When “Grimm” and “Once Upon A Time”, two new fairytale television series were announced for the fall schedule there was much attended buzz from the entertainment media. Those who were able to view an early screening of each show’s pilot episodes gave each a favorable review and held out high expectations for them believing fans would rally around them, while giving “Grimm” a slight edge over “Once Upon A Time.” In our own Slice of SciFi poll done back in October fans also gave “Grimm” the highest votes for becoming a hit at 52% while “Once” got a respectable 38% of the vote.
Now that the shows have aired their pilots and have two other episodes in the can where are they in current standings? It would seem we critics and fans may have gotten it wrong in the early voting.
NBC’s “Grimm” takes the standard Grimm tales into the 21st Century by introducing the viewers to Nick Burchkardt (David Giuntoli), the heir apparent to the famed Grimm family job of being a protector of humanity from all those beings that can transform themselves into big bad wolves, bears, demons, and so on. Only Burchkardt can detect them, seeing their true form and fortunately is a cop with a gun which, along with his partner, is able to tame them, cuff’em, or bring them down if need be. After three episodes the show seems to already be falling into that formulaic monster-of-the-week scenario, which “Sanctuary” has proven is doable, but could begin to wear a little then if the writing, plot predictability and acting doesn’t pick up soon.
ABC’s “Once Upon A Time” is proving to be a different kind of animal rarely seen on television, a weekly non-linear storyline that looks like it will have a beginning, middle and end. The story takes place in two worlds simultaneously thanks to flashbacks, FairyTale Land and the 21st Century real world of Storybrooke, Maine. The central characters in FairyTale Land are Snow White (Ginnifer Goodwin), Prince Charming (Josh Dallas), the Evil Queen (Lana Parrilla) and Rumplestiltskin, however, in Storybrooke the theme shifts to Snow’s daughter Emma and her son Henry, as well as the Mayor & the town’s rich benefactor. In each case the same actors portray their respective roles. So far each week the show plots have been ingeniously written, beautifully portrayed by main and supporting cast alike. There is a real mystical and fairytale feel to both worlds, in fact, at times the supposed real world of Storybrooke seems more mythical then the fairytale location. The premise of the show is also quite intriguing. Snow & Charming marry, have a daughter named Emma but the Evil Queen feels slighted by Snow, who admits to Charming that she has done something bad to ruin the Queen’s life (hopefully we will find out later what that is all about). The Queen casts a spell against all the inhabitants of FairyTale Land but before it can take place Charming is able to hide their newborn daughter in a magical pantry that transports her to our reality. She is raised by foster parents, grows up has a son named Henry that she leaves for adoption. The spell of the Evil Queen also transports all the inhabitants to our reality in a present day town called Storybrooke, Maine. None of them remember their previous lives in the fairytale world, except for Henry, who has been adopted by the town’s Mayor, the Evil Queen. Through this special book given to him by his teacher (Snow), he is able to draw his real mother Emma to the town to begin the journey of breaking the terrible curse. When Emma arrives the town-square clock moves its minute hand for the first time in anyone’s memory signaling to young Henry that it has begun.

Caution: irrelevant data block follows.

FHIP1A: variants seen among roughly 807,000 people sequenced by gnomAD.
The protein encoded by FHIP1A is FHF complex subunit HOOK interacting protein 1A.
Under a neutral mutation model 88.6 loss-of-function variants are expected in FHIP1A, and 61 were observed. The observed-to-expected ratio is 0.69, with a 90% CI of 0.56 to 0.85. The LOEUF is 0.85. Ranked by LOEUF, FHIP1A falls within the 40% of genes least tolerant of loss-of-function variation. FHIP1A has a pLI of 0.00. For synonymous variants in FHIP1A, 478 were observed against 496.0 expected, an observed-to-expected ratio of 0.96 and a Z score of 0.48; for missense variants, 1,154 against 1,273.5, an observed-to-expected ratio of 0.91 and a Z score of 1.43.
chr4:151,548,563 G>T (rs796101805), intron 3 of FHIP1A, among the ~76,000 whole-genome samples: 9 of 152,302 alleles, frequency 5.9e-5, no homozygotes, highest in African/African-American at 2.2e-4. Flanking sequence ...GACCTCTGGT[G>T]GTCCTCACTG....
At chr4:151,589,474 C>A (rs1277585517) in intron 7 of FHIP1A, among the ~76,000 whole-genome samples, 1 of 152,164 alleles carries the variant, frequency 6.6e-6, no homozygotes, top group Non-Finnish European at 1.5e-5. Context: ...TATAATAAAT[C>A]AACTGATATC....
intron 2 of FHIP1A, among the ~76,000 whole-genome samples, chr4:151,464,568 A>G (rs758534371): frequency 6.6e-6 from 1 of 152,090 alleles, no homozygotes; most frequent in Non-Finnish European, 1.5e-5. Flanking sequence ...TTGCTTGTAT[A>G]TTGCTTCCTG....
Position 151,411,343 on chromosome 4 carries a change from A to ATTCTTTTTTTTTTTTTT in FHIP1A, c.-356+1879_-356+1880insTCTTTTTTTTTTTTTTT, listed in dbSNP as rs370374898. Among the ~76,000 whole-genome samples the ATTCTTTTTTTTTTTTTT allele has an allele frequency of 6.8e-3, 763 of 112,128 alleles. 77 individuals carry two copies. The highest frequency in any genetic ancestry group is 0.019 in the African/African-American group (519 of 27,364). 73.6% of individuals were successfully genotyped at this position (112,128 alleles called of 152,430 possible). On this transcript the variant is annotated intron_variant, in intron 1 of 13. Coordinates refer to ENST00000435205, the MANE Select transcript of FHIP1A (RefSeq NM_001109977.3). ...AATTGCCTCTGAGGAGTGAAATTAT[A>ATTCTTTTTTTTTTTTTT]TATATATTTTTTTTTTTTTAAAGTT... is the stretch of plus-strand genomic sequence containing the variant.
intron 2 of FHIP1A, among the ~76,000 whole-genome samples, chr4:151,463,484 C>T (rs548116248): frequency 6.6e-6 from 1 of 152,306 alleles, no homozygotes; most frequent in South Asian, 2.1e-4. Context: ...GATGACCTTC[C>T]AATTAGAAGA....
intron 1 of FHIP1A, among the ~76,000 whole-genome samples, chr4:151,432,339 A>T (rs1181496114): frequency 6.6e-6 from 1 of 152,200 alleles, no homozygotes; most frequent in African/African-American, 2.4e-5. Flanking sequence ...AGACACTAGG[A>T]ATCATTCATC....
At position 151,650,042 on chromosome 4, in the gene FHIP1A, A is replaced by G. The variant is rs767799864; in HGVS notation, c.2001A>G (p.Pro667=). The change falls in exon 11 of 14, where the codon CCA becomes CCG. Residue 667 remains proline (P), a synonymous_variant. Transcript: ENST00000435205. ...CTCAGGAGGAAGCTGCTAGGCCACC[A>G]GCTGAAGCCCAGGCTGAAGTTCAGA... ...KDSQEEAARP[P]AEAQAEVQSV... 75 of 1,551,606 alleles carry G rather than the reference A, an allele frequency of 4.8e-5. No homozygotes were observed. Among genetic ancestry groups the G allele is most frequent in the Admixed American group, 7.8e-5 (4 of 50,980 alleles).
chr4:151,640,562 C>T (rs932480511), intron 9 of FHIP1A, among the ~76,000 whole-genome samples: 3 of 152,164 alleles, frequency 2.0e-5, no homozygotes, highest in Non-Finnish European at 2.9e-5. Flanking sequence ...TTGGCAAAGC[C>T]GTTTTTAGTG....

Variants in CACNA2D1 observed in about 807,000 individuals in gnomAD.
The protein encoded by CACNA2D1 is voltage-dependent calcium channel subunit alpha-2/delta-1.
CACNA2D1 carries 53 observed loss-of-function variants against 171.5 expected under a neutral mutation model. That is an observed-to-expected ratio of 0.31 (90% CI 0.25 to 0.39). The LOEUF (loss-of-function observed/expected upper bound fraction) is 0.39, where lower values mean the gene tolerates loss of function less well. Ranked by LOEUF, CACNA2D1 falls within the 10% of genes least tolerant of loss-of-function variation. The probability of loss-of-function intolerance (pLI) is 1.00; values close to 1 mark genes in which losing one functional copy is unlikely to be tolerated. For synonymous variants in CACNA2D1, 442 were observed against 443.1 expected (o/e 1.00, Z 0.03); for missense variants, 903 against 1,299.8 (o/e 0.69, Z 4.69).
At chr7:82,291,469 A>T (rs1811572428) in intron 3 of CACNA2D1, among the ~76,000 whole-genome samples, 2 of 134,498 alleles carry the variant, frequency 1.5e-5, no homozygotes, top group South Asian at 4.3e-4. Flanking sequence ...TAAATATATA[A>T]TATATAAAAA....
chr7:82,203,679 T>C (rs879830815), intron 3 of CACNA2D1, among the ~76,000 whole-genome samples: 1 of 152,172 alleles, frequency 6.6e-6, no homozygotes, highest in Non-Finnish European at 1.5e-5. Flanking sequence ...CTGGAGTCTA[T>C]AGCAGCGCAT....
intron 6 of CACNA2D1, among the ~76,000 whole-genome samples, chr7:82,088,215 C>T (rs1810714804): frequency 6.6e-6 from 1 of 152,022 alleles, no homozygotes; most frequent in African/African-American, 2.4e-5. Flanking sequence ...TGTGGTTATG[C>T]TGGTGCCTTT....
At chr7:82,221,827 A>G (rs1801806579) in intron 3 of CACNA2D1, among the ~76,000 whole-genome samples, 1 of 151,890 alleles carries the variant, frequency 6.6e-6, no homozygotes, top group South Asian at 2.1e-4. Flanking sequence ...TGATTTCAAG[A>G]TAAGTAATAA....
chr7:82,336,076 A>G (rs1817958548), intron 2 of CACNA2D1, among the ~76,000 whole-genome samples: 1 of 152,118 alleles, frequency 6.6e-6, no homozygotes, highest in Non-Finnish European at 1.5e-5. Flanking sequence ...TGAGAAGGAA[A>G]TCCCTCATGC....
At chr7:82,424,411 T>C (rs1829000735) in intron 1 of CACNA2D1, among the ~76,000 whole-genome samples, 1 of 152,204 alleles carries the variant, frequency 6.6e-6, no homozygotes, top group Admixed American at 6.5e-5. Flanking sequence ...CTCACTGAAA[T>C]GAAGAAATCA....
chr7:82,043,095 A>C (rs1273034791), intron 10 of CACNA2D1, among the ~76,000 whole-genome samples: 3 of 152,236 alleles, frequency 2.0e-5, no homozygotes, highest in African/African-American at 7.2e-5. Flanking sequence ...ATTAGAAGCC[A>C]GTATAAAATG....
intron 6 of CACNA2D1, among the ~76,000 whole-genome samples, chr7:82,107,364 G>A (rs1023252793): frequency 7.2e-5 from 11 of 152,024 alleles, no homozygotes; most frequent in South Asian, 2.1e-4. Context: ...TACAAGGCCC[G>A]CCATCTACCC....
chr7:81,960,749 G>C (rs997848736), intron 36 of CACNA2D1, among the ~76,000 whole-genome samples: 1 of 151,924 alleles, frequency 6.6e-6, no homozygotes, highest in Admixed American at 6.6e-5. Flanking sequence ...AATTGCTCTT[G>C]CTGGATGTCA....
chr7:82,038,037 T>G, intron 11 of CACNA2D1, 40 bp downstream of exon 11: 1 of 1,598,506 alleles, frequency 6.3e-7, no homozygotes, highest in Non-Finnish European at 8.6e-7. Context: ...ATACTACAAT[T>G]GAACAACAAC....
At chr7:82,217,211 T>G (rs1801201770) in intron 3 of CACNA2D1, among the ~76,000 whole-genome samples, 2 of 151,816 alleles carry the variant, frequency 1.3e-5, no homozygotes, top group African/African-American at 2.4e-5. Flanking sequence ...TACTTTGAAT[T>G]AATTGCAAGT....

“Once Upon A Time” is aided greatly by a stellar and seasoned cast (something lacking with “Grimm”). Headlining the great ensemble cast is Jennifer Morrison (“House,” “Star Trek”) as Emma Swan and Robert Carlyle (“Stargate Universe,” “28 Weeks Later,” “Trainspotting”) portrays Rumplestiltskin. The good news for this show is after only three episodes ABC has given it a thumbs up for a full season pickup of 22 episodes.
My rating for each show stands at:
“GRIMM” — 3 Stars out of 5
“ONCE UPON A TIME” — 4 Stars out of 5
[[featured image courtesy of Brain Stomping.com]]